Cancer journey co-pilot's log 9.15.23. At 6:36 p.m. Thursday, Sept. 14, 2023, Kara Picante Muir died with her No. 1 Hussy, her surrogate mom, and her co-pilot at her bedside. After slamming six shots of coconut water, telling me which minimal pain pills she wanted, and going to sleep, she eased into the final stage as if she had written the playbook on how to leave the body. She needed no permission, no special music, no encouragement of release. Not that there is anything wrong with these expedients, but they were not her way.
Kara once wrote in this blog ("Well, I guess that was an adventure..." Feb. 25, 2021), "I am just doing all the things until I determine that I am done." After trying everything she could think of to feel better for twelve straight weeks, including little to no pain medication (yes, you read that right), she had finally determined she was done. She could still pop pills, swallow, talk smack at her flight crew, and on her own insistence chug water from her 64-ounce "Kara Picante" thermos despite having lost all the muscle in her arms, but her body was shutting down and she facilitated it as soon as I sat by her side, panicking in a very un-co-pilot-like manner. Some people wish to die when their loved ones are away. Kara waited for three of her teammates to return to her bedside. Then in three minutes or less, she was gone.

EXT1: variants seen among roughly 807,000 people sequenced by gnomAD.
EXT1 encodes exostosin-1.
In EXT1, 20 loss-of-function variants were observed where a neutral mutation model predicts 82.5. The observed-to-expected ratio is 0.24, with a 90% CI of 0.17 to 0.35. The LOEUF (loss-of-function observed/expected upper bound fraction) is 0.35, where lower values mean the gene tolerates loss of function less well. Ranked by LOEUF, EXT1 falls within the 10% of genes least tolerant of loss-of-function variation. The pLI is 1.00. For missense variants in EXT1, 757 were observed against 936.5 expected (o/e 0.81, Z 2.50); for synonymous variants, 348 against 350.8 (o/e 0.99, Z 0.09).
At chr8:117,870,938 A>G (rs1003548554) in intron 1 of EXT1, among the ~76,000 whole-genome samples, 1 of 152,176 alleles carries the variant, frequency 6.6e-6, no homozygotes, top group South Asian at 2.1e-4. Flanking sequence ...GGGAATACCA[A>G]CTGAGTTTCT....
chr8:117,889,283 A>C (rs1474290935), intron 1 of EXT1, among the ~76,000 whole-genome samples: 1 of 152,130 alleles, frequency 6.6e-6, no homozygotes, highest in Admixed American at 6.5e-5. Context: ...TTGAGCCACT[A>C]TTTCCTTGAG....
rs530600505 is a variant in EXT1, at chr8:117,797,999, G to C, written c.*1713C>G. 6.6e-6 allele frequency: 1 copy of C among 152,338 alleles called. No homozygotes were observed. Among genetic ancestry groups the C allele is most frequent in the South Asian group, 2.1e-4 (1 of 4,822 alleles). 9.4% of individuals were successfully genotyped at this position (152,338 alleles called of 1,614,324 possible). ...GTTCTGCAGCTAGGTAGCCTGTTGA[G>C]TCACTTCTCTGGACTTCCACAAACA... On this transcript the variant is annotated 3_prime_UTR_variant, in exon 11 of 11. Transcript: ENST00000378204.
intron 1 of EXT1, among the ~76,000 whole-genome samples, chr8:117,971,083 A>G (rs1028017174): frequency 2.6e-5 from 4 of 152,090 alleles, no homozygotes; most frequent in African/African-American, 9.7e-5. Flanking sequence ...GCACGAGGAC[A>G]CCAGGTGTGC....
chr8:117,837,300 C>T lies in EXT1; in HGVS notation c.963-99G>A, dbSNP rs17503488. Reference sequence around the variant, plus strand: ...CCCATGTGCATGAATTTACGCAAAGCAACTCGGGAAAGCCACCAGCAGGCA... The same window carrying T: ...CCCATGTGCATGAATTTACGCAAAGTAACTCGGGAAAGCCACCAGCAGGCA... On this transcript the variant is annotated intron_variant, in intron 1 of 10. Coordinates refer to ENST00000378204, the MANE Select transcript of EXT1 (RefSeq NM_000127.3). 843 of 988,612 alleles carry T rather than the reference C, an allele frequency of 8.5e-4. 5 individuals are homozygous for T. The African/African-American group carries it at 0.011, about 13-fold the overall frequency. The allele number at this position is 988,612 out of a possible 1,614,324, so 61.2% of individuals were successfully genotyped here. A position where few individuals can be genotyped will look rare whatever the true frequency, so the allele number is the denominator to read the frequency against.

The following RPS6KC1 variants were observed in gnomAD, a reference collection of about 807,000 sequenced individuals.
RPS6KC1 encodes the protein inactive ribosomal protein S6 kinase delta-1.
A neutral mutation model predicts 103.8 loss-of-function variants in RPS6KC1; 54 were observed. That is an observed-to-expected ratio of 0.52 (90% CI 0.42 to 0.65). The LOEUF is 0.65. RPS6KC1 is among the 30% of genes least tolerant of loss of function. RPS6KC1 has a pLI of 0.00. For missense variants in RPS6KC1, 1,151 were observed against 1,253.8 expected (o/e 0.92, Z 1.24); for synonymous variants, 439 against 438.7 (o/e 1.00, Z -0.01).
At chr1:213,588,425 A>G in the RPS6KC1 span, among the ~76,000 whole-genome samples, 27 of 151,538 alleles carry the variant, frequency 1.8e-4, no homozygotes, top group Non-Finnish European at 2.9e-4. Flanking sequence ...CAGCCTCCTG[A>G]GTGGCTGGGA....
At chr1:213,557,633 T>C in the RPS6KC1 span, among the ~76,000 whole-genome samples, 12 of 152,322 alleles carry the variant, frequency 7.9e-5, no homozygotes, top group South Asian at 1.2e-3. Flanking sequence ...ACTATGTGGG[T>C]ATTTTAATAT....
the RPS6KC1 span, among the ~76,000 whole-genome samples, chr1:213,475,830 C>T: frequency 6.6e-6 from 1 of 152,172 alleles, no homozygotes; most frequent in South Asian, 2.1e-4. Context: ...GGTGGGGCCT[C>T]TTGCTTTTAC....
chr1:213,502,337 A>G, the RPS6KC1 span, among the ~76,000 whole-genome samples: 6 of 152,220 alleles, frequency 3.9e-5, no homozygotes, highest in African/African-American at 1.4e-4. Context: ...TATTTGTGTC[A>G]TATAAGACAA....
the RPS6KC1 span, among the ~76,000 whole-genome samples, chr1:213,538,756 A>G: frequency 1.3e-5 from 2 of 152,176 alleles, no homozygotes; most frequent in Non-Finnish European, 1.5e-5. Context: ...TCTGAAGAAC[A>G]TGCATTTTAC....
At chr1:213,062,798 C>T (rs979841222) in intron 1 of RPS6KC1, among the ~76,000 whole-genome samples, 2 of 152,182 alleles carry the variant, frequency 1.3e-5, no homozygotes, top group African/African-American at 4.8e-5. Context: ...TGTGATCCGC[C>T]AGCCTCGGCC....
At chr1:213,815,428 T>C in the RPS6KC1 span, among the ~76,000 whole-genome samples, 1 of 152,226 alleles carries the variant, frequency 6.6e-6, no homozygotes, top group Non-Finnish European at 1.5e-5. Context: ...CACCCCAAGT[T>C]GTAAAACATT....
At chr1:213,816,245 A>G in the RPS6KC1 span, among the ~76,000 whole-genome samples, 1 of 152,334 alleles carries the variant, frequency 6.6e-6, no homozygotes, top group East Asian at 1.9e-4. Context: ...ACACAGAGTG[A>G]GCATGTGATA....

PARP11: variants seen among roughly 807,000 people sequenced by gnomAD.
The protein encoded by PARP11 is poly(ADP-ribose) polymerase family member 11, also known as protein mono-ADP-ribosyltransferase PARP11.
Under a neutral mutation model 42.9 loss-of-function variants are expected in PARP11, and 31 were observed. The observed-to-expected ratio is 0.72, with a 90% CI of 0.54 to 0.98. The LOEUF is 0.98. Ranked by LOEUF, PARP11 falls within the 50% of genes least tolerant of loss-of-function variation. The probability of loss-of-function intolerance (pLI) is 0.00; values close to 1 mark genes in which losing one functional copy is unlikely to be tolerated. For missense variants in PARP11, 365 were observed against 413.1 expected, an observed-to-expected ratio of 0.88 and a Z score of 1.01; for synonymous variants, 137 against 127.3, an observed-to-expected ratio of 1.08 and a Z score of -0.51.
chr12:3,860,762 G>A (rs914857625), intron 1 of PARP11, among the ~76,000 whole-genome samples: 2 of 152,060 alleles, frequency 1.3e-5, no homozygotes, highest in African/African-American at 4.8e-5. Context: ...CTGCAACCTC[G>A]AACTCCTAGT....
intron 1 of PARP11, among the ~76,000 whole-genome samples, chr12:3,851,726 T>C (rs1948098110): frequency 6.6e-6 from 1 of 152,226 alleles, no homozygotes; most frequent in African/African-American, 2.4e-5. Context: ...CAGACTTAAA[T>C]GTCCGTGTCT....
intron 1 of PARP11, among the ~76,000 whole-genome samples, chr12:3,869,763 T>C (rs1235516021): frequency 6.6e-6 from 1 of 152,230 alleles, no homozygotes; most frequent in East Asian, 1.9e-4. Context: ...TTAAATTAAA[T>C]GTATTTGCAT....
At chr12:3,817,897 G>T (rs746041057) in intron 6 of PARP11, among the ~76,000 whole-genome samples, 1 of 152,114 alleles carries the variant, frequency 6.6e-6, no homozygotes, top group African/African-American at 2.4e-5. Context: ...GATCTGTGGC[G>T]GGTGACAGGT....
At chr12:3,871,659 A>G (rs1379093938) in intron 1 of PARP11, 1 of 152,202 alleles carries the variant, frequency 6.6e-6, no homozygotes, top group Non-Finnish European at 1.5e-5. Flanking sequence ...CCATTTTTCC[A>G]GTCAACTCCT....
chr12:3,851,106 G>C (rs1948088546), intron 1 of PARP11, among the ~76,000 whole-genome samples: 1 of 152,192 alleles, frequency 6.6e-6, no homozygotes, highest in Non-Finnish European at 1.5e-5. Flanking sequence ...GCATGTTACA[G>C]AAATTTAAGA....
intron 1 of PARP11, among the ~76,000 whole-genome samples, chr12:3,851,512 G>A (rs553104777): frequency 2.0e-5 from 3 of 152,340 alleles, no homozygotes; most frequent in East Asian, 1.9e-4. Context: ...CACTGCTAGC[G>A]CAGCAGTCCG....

As her co-pilot on a journey no one wants to face, I have loved every moment we have had together. In every pain, grief, anguish, terror, in every body fluid that can leak from a malignant wound, in every failure and every achievement, in every kiss and every argument, I have learned more about myself and about the indomitability of the human spirit than I would have ever known without living on the edge with my wife all the time. While I was rolling her over for nursing on one of her final days, out of nowhere, Kara said to me, "Without you, I would have been more lonely." And I feel that way about her, too, But more importantly, as far as this blog is concerned, this is also how she felt about all of you who have followed her adventures since she got the worst phone call of her life over four years ago.
You have helped Kara shine, and hopefully she has ignited a spark in you, too, as she wanted from the beginning.
Until next time.
--Charles Austin Muir